PDF Archive

Easily share your PDF documents with your contacts, on the Web and Social Networks.

Share a file Manage my documents Convert Recover PDF Search Help Contact



chicagoacappella holidaysacappella2015 .pdf



Original filename: chicagoacappella_holidaysacappella2015.pdf

This PDF 1.4 document has been generated by Adobe InDesign CC 2015 (Macintosh) / Adobe PDF Library 15.0, and has been sent on pdf-archive.com on 19/11/2015 at 19:18, from IP address 50.254.x.x. The current document download page has been viewed 271 times.
File size: 3.9 MB (28 pages).
Privacy: public file




Download original PDF file









Document preview


Holidays a cappella
Sunday November, 29, 2015, 4:00 pm
Rockefeller Memorial Chapel
5850 S. Woodlawn Ave., Chicago

Sunday December 13, 2015, 4:00 pm
Pilgrim Congregation Church
460 Lake St., Oak Park

Friday December 4, 2015, 7:30 pm
Fourth Presbyterian Church
Michigan Avenue at Delaware, Chicago

Friday December 18, 2015, 8:00 pm
Wentz Concert Hall
171 E Chicago Ave., Naperville

Sunday December 6, 2015 3:30 pm
St. Clement Church
642 W Deming Pl., Chicago

Saturday, December 19, 2015, 8:00 pm
Nichols Concert Hall
1490 Chicago Ave., Evanston

Chicago a cappella

Megan Bell, Soprano
Alexia Kruger, Soprano
Cari Plachy, Soprano
Sarah Ponder, Mezzo-soprano
Emily Price, Mezzo-soprano
Ace Gangoso, Tenor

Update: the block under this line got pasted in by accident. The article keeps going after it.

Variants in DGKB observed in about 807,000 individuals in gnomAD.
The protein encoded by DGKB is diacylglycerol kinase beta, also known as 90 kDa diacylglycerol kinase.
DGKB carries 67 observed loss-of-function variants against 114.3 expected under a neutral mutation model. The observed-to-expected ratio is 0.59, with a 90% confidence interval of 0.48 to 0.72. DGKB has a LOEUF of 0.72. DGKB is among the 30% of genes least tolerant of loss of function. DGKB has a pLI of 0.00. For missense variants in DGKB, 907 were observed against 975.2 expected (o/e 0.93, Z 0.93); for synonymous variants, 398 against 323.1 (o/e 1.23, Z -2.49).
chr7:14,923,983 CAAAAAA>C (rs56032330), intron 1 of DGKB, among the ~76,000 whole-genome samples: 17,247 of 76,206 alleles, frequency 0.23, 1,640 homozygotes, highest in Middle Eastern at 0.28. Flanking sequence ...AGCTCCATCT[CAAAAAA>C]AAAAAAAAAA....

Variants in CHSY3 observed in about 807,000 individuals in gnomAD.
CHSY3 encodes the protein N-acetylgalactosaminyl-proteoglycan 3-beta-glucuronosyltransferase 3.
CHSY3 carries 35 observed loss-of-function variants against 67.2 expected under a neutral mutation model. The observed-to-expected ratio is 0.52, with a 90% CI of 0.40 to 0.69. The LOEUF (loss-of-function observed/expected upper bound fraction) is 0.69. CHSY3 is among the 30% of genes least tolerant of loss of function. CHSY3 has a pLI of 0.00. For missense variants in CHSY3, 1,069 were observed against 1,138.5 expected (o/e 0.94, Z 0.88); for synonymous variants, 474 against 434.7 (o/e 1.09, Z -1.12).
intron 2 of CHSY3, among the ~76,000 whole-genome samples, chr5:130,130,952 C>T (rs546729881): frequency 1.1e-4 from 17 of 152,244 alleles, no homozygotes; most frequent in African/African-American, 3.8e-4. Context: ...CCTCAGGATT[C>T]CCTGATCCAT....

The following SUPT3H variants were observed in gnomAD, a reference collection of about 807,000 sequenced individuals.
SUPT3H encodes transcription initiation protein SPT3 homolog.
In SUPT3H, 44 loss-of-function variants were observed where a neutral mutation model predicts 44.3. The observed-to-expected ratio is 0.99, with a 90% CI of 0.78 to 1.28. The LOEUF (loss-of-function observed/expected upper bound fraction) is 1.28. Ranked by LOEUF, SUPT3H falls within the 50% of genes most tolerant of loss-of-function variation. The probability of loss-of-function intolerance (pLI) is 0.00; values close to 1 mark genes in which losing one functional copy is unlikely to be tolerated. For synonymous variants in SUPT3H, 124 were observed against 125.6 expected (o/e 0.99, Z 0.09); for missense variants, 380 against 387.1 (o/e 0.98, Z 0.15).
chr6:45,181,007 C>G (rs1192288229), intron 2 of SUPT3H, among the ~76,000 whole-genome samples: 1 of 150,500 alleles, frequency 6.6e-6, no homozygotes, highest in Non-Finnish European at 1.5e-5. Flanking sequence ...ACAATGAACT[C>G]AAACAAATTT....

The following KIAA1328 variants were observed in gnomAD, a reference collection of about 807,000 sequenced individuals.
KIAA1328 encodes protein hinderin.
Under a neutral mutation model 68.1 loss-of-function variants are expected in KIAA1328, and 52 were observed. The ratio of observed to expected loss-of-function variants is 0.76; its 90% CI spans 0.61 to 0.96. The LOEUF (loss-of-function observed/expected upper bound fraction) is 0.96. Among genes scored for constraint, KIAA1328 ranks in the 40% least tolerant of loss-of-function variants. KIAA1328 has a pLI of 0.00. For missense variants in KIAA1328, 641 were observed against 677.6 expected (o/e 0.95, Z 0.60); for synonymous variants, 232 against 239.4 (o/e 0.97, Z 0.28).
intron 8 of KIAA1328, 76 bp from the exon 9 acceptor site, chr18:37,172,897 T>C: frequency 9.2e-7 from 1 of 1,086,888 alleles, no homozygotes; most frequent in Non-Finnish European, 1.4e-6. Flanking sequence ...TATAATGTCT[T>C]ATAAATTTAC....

Garrett Johannsen, Tenor
Carl Frank, Bass
Joe Labozetta, Bass
Benjamin Rivera, Bass

Founder and Artistic Director
Jonathan Miller
Guest Music Director
Benjamin Rivera

The performance at Fourth Presbyterian Church is generously underwritten by Dee Dee Whipple.

Chicago a cappella is partially supported by The MacArthur Funds for Arts and Culture at the Richard H. Driehaus
Foundation; The Gaylord and Dorothy Donnelley Foundation; the Arts Work Fund for Organizational Development;
the Oak Park Area Arts Council, in partnership with the Villages of Oak Park, Forest Park and River Forest; a CityArts
Grant from the City of Chicago Department of Cultural Affairs and Special Events; and the Illinois Arts Council Agency, a state agency. Media Sponsors: The Daily Herald, WBEZ, The Chicago Maroon

Holidays a cappella

1

UPCOMING EVENTS
SHAKESPEARE A CAPPELLA

The words of William Shakespeare are illuminated through innovative and artful a cappella music as
we commemorate the 400th anniversary of the Bard’s death. Actors from Chicago Shakespeare
Theater join us on stage to enhance the drama, as sonnets and soliloquies are set to music by
brilliant composers from around the world.
Evanston
Oak Park
Saturday, Feb. 13, 8:00 pm
Saturday, Feb. 20, 8:00 pm